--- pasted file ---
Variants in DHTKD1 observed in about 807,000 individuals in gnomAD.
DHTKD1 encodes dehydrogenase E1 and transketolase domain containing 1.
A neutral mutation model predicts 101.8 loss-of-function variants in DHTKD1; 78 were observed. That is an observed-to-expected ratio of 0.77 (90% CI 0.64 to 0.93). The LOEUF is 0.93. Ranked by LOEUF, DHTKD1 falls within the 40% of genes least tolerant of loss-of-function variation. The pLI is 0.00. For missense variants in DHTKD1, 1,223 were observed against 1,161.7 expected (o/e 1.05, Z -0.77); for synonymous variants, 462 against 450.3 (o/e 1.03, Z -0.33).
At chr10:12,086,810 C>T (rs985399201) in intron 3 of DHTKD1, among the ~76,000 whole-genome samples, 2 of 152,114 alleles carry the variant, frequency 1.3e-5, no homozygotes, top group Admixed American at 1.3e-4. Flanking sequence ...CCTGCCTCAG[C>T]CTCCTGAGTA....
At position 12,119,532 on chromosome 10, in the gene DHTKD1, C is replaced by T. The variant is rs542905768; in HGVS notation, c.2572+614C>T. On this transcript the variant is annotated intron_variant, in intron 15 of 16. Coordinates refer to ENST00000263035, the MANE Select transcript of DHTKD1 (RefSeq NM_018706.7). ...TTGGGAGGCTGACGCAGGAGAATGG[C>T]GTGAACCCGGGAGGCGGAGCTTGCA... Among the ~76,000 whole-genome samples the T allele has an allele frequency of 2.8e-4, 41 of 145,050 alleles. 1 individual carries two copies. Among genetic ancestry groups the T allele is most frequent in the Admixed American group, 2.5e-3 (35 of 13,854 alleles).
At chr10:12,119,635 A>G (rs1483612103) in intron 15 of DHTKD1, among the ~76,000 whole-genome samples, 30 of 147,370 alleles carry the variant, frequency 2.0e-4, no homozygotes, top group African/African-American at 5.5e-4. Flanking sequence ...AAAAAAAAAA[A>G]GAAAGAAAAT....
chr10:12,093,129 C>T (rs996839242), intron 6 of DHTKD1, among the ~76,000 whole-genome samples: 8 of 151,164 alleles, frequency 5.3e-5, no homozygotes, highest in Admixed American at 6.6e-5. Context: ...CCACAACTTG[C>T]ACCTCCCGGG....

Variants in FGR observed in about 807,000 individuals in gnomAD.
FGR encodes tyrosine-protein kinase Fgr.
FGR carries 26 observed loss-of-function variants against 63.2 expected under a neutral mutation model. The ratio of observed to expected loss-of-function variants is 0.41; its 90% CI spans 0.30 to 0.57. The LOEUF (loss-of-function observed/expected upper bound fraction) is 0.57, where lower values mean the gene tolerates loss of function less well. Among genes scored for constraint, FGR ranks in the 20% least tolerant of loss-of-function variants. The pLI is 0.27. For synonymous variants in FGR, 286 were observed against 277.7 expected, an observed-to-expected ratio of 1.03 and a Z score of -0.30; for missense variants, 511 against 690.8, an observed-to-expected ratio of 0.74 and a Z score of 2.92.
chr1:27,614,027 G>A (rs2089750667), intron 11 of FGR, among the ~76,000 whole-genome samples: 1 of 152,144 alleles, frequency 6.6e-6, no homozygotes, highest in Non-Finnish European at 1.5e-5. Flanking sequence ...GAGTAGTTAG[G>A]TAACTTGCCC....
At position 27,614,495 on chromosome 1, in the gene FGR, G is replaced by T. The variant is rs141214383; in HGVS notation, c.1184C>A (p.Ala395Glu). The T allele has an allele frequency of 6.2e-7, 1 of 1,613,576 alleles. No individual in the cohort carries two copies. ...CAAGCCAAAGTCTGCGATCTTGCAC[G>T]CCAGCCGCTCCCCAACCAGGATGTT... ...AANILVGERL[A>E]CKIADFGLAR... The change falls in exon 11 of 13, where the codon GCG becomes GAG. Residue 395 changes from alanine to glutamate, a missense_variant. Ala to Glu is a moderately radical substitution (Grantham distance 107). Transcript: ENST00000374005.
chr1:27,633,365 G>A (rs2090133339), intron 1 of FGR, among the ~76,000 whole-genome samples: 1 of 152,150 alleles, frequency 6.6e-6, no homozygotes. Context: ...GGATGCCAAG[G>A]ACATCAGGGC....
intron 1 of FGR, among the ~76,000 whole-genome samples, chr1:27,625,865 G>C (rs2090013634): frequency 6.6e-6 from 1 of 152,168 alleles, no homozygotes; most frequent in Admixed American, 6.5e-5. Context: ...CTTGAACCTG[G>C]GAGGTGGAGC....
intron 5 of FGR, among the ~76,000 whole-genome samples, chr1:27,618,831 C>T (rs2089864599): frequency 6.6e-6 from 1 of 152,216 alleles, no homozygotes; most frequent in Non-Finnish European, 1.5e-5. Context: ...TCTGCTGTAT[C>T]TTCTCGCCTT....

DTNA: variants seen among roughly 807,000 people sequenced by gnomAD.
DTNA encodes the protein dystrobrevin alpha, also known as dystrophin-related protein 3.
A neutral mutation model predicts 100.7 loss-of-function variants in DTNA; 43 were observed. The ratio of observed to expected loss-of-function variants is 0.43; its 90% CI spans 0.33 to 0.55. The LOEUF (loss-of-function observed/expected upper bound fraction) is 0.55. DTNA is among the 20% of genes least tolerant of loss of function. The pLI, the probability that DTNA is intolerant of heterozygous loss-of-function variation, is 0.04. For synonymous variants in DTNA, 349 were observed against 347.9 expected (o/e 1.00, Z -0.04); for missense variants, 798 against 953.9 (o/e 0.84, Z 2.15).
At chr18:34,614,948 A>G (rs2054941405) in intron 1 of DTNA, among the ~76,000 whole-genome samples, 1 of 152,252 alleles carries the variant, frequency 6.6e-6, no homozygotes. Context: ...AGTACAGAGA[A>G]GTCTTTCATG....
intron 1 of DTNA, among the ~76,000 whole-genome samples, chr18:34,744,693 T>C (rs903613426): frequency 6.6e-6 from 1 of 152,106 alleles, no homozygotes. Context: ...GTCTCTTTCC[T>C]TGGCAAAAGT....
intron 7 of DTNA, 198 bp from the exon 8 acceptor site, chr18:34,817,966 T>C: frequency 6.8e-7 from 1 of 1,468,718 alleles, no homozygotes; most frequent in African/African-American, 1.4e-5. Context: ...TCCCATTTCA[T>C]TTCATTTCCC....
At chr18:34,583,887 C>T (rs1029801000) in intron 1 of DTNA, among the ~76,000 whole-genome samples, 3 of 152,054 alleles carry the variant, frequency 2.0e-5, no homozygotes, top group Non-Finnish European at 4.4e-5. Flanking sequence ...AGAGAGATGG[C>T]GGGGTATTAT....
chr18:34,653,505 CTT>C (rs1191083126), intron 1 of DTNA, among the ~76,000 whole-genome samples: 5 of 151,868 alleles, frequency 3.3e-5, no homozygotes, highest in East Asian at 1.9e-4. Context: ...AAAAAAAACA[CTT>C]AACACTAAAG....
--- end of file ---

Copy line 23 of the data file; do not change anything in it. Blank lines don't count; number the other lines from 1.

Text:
chr18:34,653,505 CTT>C (rs1191083126), intron 1 of DTNA, among the ~76,000 whole-genome samples: 5 of 151,868 alleles, frequency 3.3e-5, no homozygotes, highest in East Asian at 1.9e-4. Context: ...AAAAAAAACA[CTT>C]AACACTAAAG....